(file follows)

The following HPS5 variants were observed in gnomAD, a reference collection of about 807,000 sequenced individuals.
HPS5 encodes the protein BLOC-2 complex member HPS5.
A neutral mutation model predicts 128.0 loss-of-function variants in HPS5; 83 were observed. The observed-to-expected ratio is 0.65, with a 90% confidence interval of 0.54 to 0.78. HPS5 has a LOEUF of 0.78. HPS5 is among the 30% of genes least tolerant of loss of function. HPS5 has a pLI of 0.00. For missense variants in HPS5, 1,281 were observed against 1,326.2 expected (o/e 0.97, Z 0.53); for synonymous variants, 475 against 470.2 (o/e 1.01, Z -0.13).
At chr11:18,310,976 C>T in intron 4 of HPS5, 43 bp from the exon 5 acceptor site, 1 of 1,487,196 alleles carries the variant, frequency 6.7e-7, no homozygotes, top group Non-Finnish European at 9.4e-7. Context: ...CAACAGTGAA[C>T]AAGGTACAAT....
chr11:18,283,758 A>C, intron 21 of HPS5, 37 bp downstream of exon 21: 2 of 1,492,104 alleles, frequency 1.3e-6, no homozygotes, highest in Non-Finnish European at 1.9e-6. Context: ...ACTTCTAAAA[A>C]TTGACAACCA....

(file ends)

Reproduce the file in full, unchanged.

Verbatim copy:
The following HPS5 variants were observed in gnomAD, a reference collection of about 807,000 sequenced individuals.
HPS5 encodes the protein BLOC-2 complex member HPS5.
A neutral mutation model predicts 128.0 loss-of-function variants in HPS5; 83 were observed. The observed-to-expected ratio is 0.65, with a 90% confidence interval of 0.54 to 0.78. HPS5 has a LOEUF of 0.78. HPS5 is among the 30% of genes least tolerant of loss of function. HPS5 has a pLI of 0.00. For missense variants in HPS5, 1,281 were observed against 1,326.2 expected (o/e 0.97, Z 0.53); for synonymous variants, 475 against 470.2 (o/e 1.01, Z -0.13).
At chr11:18,310,976 C>T in intron 4 of HPS5, 43 bp from the exon 5 acceptor site, 1 of 1,487,196 alleles carries the variant, frequency 6.7e-7, no homozygotes, top group Non-Finnish European at 9.4e-7. Context: ...CAACAGTGAA[C>T]AAGGTACAAT....
chr11:18,283,758 A>C, intron 21 of HPS5, 37 bp downstream of exon 21: 2 of 1,492,104 alleles, frequency 1.3e-6, no homozygotes, highest in Non-Finnish European at 1.9e-6. Context: ...ACTTCTAAAA[A>C]TTGACAACCA....